About this time last year, I had been unemployed for about 2 months. Even though I had been completing all of the tasks that the Employment Department required of me, I felt hopeless that I would find a new job. I had sent in application after application. With all of those applications, I still received very few interview offers.

During the process of searching for a new job I found a lot of information out there about what to do. And it was overwhelming. That’s the thing about this information age, there is a lot of information that is easily accessible at your finger tips.

Clearly Identify Jobs you are Targeting and Develop Alternative Options

This is where you want to come up with specific job titles that you will be looking for, such as barista, computer networking, et cetera. And then make a list of similar job titles. Use sites like www.qualityinfo.org.

Just to warn you, this site is an Oregon Employment Department site, so it will have statistics for Oregon unemployment rates, and when you search for job titles, it will give you a list of Oregon-based employers trying to fill those specific positions. 

Ok, now that we’ve gotten that out of the way…

Let’s flow with the barista example for a moment:

You can scroll down the page to the ‘Occupation Profiles’ tool and enter the job title that you are thinking about. When you type in ‘barista’ and click search, it will bring up a report with loads of information.

In the left hand corner under ‘Report Options’ it will show a list of matching occupations. In this case, we get 1 matching occupation ‘Counter Attendants, Cafeteria, Food Concessions, and Coffee Shop’. As you scroll down the page, there are lists of all of the different employers and positions. Some of the job titles include: ‘barista’, ‘coffee kiosk barista’, ‘juice bar team member’, and ‘coffee attendant’. It also lists all of the certifications required (again, specific to the State of Oregon).

If you scroll all of the way down to the bottom of the page, the site will give you a list of related occupations: ‘combined food preparation and serving workers’, ‘bartenders’, ‘food servers’, ‘non-restaurant’, and ‘waiters and waitresses’.

Having these other, but related, occupations can help because you can easily transition to something else without completely having to retrain.

Identify Employers’ Needs

You will need to figure out what they’re looking for, hint: look at the job description. Knowing what the employer is looking for can help you write your resume and cover letter.

Relate your skills to the job description

Another helpful trick on the Quality Info website is that it will give you all of the likely knowledge skills, and abilities required for the job. You can scroll through and look at them to determine which of them you’ve used them before. The ones that you have, put them on your resume. The more of them that you can put down, the better you can look as a candidate.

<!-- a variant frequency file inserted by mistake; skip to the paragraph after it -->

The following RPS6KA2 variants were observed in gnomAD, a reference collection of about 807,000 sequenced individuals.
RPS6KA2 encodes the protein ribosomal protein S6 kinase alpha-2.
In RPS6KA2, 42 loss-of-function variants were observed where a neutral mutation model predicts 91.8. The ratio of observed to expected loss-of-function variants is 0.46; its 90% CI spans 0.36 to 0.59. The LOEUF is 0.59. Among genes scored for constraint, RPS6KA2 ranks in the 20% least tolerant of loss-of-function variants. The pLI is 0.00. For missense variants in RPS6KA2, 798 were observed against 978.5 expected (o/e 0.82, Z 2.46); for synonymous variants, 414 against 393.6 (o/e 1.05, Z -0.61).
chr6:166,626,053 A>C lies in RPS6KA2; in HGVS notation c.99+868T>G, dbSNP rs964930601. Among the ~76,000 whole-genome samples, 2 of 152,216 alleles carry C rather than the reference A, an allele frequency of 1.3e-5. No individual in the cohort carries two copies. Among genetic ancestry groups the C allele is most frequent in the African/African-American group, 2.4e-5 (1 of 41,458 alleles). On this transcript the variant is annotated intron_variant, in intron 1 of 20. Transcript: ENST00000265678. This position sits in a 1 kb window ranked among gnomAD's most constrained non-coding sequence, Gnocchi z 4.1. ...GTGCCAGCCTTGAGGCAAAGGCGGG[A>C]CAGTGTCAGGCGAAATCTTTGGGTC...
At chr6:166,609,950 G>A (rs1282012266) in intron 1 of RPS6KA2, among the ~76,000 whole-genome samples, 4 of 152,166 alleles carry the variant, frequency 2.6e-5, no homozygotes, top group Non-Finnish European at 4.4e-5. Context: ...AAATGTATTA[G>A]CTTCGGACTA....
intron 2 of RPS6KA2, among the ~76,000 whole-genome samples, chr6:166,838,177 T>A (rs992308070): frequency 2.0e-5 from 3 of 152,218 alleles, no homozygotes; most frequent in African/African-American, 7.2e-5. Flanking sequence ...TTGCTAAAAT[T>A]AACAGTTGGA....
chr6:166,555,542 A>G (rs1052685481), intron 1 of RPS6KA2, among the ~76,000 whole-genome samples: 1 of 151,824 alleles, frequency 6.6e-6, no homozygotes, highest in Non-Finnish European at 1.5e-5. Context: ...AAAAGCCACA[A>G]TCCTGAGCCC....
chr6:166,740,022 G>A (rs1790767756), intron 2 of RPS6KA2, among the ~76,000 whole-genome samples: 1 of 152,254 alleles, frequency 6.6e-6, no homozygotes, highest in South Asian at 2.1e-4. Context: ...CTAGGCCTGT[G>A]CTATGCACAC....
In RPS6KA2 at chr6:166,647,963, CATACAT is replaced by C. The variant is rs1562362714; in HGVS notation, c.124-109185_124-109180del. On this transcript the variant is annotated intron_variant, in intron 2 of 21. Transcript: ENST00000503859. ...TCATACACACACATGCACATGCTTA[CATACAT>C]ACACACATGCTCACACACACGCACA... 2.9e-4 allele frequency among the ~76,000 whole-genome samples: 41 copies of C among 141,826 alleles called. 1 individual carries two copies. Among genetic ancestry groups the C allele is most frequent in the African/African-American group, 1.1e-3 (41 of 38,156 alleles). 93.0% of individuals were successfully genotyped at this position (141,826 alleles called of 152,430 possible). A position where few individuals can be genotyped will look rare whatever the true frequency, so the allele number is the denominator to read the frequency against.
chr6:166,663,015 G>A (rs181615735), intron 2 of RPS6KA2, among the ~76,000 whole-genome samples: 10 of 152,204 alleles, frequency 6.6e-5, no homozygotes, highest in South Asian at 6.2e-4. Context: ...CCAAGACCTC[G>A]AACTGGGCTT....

Prepare your Resume

Open up your word processor and put your name and contact information at the top of the page (telephone number, address, email address, and any way they can get in touch with you).

You’ll want to include:

  • Education
  • Prior Relevant Employment Experience
  • Relevant Licenses and Certifications

You can consider including:

  • Career objectives
  • References

Write a Cover Letter

This is a way to tell your story in a different way than your resume ever could. In a cover letter you can actually string together sentences, whereas on your resume your writing more in sentence fragments.

You can fully explain your background and fully relate your skills to the job.

Whenever possible, write to a specific person within the company who is responsible for the hiring of new employees. Be personable.

Prepare for Interviews

To prepare for an interview, you’re going to want to be able to answer the questions that they may ask you.

But you’re also going to want to dress appropriately. Think about the type of job you will be doing, and dress one step above what is typical. Wear a nice blouse or button-down shirt and slacks or a skirt. Wear colors that suit you. If they wear a uniform, consider wearing the same colors they wear so that they can see you wearing their uniform.

If you choose to wear makeup, be conservative in what you put on.

Wear very little jewelry.

Unless, or until, you know the potential employers policy regarding tattoos, consider covering them up with what you choose to wear. But be honest about having them if they ask.

Consider writing an interview appreciation, or thank you, letter or email

After an interview, send the person you spoke with thank you letter. you can also take the time to ask any questions that you didn’t think of, or that weren’t answered, during the interview.

Network at Job Fairs / Use LinkedIn

If you don’t have a LinkedIn profile, now’s the time to look into getting one. It’s free to join. It’s kind of like an online resume. But you can also look for specific employers, and people who work at those companies and get connected with them.

This is certainly not a comprehensive guide to searching for a new job, but it should get you started until next time.

 

What are your thoughts? What have you done in the past when looking for a new job?

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